Some musician or in this case a formidable quartet make a name by playing outside the box. The ensemble sometimes pushes the sonic barriers to the extent that box begins to break down.
Michael Formanek and this fearsome 4tet don't do that, they have the amazing ability to simply extend the boundaries of the same box on the fly without ever losing a certain accessibility or pushing them self or the listener off that self indulgent cliff. The latest release Small Places may well be not only the best example of what I mean but perhaps Formanek's finest work to date. The follow up to Formanek's ECM debut as a leader, The Rub and Spare Change features the same all star line up of Tim Berne on alto saxophone, Craig Taborn on piano and Gerald Cleaver on drums and shruti box and is a natural evolution to where critically acclaimed The Rub and Spare Change left off. Small Place's compositions and improvisational make up are sonic synchronicity with a pulse. An ambient atmosphere with rich melodic flavor and a rhythmic sense of urgency one can feel in their soul. A dynamic excursion into a harmonic world of possibilities.
A rare combination of a working band with four distinct individual voice that weave in and around each other while challenging each member to fine their own lyrical path. "Seeds and the Birdman" is a smoldering tune with an open ended swing and a mysterious dynamic tension created in particular by pianist Craig Taborn. "Parting Ways" is an 18 minute epic with the band dialed in with intensity and that elusive lyrical sense of purpose and direction that often eludes similar quartets. While Formanek and Tim Berne play as though they were twin sons of different mothers, the rhythm section of Taborn on piano and drummer Gerald Cleaver are not to be outdone in the ability to shift their dynamics on the fly while fitting in each composition like missing puzzle pieces. "Small Places" opens the release with Taborn and alto saxophone titan Tim Berne who swings from a place far deeper than one can imagine. The percussive articulation of the opening sets up a mysterious melodic anticipation before Taborn sets out on his own sonic exploratory of harmonic genius. As a rule critics should tread carefully when using words such as genius or brilliant but how does one completely ignore the blatantly obvious? A shared perspective is all I offer. The closing tune "Soft Reality" is where the artistry of Formanek truly shines. A wistful tune with a mysterious haze envelopes the listener with Formanek's zen like approach of no notes wasted, less is more and every note counts. The organic depth of this composition borders on the neo-classical with a beauty that defies accurate description. Berne joins in and reaches sonic heights that most alto players or saxophonists in general can work a career for and never achieve.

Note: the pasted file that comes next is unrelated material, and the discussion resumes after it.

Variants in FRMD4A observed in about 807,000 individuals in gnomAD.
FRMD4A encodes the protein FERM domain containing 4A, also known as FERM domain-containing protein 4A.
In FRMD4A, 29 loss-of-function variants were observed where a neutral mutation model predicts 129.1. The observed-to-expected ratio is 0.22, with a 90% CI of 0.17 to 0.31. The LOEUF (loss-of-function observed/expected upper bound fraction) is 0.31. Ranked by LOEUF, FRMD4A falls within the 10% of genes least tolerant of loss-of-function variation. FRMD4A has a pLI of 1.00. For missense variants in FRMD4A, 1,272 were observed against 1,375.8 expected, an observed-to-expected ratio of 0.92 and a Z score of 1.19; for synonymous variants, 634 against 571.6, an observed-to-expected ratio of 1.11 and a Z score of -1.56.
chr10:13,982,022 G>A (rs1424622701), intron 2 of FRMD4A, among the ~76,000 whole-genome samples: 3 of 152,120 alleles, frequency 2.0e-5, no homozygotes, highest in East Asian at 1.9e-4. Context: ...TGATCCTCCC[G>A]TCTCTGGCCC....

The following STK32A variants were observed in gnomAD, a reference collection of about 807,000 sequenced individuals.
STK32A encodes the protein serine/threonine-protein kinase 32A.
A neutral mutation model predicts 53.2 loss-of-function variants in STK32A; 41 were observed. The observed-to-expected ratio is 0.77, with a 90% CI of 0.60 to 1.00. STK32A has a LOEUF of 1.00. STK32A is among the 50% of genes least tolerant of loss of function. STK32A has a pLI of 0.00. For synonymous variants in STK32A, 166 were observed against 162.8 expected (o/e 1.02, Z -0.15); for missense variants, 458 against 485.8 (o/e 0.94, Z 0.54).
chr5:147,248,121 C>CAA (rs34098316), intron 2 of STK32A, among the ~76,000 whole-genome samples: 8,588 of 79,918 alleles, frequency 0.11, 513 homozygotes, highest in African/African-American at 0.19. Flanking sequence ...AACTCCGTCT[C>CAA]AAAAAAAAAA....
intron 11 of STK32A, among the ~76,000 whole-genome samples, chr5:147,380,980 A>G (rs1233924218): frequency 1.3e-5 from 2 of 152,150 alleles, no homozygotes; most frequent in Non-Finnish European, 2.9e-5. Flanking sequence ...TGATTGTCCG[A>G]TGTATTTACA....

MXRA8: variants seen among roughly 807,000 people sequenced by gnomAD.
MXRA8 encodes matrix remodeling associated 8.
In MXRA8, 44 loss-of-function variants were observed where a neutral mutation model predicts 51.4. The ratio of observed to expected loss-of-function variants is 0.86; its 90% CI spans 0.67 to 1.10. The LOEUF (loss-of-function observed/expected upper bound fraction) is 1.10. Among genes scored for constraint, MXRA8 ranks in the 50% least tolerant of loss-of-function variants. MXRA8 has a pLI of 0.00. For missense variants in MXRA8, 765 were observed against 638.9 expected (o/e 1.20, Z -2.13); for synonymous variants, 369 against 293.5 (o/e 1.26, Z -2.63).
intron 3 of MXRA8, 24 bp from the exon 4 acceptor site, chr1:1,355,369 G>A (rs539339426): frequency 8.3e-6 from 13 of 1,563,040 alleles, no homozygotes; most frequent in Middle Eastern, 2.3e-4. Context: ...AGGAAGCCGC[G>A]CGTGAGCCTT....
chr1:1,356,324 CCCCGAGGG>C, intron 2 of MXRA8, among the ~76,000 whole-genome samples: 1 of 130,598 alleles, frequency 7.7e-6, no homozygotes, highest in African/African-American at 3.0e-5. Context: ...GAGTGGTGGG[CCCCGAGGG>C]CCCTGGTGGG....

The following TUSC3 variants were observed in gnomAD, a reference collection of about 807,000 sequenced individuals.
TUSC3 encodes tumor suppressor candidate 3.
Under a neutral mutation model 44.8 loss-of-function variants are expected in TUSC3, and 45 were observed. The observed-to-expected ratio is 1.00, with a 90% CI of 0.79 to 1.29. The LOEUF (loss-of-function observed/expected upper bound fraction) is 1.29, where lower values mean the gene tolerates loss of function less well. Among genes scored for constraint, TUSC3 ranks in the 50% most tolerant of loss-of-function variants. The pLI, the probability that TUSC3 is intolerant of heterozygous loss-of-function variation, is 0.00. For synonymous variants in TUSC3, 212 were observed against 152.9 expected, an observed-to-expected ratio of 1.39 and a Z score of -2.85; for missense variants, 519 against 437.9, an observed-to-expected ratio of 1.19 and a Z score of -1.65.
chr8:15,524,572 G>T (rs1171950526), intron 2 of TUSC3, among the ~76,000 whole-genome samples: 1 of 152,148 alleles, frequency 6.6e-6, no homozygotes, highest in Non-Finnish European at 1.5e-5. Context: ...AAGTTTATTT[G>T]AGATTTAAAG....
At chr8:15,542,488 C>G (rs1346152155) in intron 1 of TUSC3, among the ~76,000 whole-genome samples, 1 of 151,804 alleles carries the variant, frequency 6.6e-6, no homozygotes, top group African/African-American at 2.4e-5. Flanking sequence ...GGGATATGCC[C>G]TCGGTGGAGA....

ECM is well known for pristine sound and a virtual sonic ebb and flow indicative of the artist featured on the release in question. Small Places is Michael Formanek's compositional and performance journey into a new realm. Small Places contains an ebb and flow within individual tunes that are as emotional and evocative as the legendary cover art ECM is known for. When held up to critical review, Small Places is literally the perfect recording.
I totally agree with the previous reviewer (Brent). The "Rub and Spare Change" was an excellent record but "Small Spaces" is exceptional in every aspect. I am most impressed with Formanek's writing this time out. The compositions are well thought out and give the supporting cast plenty of ground to explore and engage each other. This band is tightly wound but loose and free at the same time. Tim Berne has really grown on me over time and his dialog with Craig Taborn on this disc remind me of the Jan Garbarek / Bobo Stenson chemistry in the 70's. Formanek has found an equal partner in Gerald Cleaver. Together they form the perfect rhythm section to lift the music to the highest level of enjoyment. This is adventuresome Jazz - music that simmers slowly and makes you listen intently while smiling along the way. It is great to see Michael reach this level of excellence and stand shoulder to shoulder with other exceptional Bassist like Dave Holland, Arild Anderson, David Friesen and Christian McBride. I am looking forward to this quartet's next recording. Well done Mr. Formanek!
With the assemblage of talent in this band, Michael Formanek's quartet is easily among the top tier of small jazz ensembles practicing today. What an amazing group, and it's easy to see why they (deservedly) scored consecutive 5-star ratings from Downbeat magazine on their last two releases. As good as their first ECM recording "The Rub and Spare Change" was, "Small Places" is at least as good, if not just a shade better, if only because the interaction between these players is even more sensitive, and often telepathic!
SImply said, this is so far among the best modern new music albums of this century! .... not only the playing by all but the composing. Formanek put together a masterpiece... good for ECM for putting it out!!